Through these authorities, we are involved in a wide range of consultative and stewardship activities including aquaculture; coastal storm risk management activities; transportation; infrastructure and energy development; living shorelines and Engineering with Nature initiatives; as well as wetland conservation and the protection of deepwater corals and submerged aquatic vegetation. Our stewardship activities include participation in a wide range of watershed management activities and workgroups throughout New England and the Mid-Atlantic to support habitat restoration, water quality improvements and diadromous fish passage.
Essential Fish Habitat Consultations
The principal authorities for protecting and conserving marine fishery habitats are the EFH provisions in the Magnuson-Stevens Fishery Conservation and Management Act. Federal agencies are required to consult with us on any action that they authorize, fund, or undertake that may adversely affect EFH. Using our extensive scientific and resource management expertise, we provide advice and recommendations to federal agencies on measures to avoid, minimize, mitigate, or otherwise offset the effects of their actions on EFH. We also include measures to minimize the adverse effects of fishing gear and fishing activities on EFH as well.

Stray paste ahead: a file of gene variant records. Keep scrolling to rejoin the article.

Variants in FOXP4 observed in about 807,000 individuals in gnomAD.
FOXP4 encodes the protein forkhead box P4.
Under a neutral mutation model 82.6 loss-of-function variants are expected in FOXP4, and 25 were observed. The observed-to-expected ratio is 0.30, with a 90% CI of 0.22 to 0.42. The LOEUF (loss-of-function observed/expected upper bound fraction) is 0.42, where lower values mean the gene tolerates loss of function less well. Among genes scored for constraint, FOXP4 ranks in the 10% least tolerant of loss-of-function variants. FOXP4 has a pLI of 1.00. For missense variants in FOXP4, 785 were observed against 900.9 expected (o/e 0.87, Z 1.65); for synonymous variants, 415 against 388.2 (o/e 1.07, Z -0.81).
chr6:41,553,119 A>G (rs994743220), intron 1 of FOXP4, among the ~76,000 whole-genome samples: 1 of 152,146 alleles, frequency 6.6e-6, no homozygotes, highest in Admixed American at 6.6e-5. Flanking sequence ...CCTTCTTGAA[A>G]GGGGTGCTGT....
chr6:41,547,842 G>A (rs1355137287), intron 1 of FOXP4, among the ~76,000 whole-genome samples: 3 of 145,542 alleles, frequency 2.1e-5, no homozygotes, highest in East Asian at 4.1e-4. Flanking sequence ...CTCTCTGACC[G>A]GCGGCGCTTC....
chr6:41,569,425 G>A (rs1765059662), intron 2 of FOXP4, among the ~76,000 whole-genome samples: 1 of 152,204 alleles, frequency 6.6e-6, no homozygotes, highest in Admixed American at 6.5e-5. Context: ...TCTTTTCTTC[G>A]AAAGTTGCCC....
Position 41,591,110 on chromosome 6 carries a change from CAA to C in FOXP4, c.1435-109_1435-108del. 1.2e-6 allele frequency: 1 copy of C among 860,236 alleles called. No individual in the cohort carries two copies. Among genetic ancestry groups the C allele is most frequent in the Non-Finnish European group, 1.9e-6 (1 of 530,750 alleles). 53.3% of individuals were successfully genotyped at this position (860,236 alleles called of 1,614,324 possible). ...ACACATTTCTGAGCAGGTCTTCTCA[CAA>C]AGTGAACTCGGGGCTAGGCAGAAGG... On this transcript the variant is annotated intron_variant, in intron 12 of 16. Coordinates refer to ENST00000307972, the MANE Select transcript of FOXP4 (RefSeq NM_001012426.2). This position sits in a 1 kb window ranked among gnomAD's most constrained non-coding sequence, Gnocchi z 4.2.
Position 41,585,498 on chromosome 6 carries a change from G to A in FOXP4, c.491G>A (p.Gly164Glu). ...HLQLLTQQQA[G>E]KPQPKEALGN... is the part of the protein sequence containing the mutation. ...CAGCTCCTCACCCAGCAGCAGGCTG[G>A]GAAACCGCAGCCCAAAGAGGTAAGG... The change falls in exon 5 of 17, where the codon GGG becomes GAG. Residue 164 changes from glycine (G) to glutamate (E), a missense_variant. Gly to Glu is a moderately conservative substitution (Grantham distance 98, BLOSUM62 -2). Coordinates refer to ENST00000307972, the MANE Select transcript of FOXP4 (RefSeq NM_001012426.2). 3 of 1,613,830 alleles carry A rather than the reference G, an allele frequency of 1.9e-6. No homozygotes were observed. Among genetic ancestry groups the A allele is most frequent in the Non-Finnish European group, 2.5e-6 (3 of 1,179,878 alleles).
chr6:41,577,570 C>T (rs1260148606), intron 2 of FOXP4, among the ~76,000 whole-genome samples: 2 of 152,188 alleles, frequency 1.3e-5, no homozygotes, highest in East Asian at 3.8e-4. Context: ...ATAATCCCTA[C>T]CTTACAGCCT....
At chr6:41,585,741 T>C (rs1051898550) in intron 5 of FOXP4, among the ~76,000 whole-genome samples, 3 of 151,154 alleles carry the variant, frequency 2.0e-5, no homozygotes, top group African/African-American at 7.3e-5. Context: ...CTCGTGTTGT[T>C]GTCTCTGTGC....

Fish and Wildlife Coordination Act Consultations
The Fish and Wildlife Coordination Act requires that all federal agencies consult with us when proposed actions might result in modifications to a natural stream or body of water. It also requires that they consider effects that these projects would have on fish and wildlife and must also provide for improvement of these resources. Under this authority, we work to protect, conserve and enhance species and habitats for a wide range of aquatic resources such as shellfish, migratory fish species, and other commercially and recreationally important species that are not managed by the federal fishery management councils and do not have designated EFH.
Federal Power Act Consultations